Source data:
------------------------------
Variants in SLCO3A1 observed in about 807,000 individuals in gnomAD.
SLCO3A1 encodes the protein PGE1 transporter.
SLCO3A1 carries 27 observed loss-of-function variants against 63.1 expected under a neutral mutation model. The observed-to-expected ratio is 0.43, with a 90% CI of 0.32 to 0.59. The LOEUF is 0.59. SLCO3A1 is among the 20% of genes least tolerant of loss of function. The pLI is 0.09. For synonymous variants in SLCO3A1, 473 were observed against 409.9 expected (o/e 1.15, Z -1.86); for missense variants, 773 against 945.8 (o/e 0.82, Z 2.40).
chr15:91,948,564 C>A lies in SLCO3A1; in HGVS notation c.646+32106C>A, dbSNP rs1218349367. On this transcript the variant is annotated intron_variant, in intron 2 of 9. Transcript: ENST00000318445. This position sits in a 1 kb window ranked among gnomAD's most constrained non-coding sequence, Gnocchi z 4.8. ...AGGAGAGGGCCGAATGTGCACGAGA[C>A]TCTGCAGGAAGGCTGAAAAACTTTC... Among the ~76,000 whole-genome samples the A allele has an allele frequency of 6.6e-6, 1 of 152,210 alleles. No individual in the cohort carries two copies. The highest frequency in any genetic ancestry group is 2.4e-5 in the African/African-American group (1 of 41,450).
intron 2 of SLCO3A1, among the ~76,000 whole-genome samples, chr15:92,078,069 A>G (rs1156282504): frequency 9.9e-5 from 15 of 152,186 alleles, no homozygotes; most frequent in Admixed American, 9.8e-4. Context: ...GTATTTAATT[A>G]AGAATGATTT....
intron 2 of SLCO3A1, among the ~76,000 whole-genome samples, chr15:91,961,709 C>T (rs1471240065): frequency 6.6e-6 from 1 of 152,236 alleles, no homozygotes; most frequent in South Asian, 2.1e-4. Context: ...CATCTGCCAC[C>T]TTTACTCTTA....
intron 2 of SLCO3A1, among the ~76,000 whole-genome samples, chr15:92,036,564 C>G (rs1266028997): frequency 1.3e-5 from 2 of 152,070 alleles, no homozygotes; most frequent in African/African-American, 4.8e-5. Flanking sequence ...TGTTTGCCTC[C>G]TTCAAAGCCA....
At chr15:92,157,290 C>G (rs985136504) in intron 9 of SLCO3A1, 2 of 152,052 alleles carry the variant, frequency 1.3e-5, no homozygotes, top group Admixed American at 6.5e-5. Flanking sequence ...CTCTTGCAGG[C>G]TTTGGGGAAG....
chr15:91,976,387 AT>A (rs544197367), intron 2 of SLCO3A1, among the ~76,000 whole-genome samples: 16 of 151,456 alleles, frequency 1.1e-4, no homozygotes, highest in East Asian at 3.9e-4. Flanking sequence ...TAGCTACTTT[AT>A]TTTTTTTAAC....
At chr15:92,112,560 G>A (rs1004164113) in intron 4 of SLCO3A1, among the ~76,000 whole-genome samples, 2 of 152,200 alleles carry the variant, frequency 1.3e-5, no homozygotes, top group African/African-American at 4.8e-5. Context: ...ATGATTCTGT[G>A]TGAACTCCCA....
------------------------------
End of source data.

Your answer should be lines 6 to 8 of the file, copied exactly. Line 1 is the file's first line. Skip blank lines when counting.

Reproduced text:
intron 2 of SLCO3A1, among the ~76,000 whole-genome samples, chr15:91,961,709 C>T (rs1471240065): frequency 6.6e-6 from 1 of 152,236 alleles, no homozygotes; most frequent in South Asian, 2.1e-4. Context: ...CATCTGCCAC[C>T]TTTACTCTTA....
intron 2 of SLCO3A1, among the ~76,000 whole-genome samples, chr15:92,036,564 C>G (rs1266028997): frequency 1.3e-5 from 2 of 152,070 alleles, no homozygotes; most frequent in African/African-American, 4.8e-5. Flanking sequence ...TGTTTGCCTC[C>G]TTCAAAGCCA....
At chr15:92,157,290 C>G (rs985136504) in intron 9 of SLCO3A1, 2 of 152,052 alleles carry the variant, frequency 1.3e-5, no homozygotes, top group Admixed American at 6.5e-5. Flanking sequence ...CTCTTGCAGG[C>G]TTTGGGGAAG....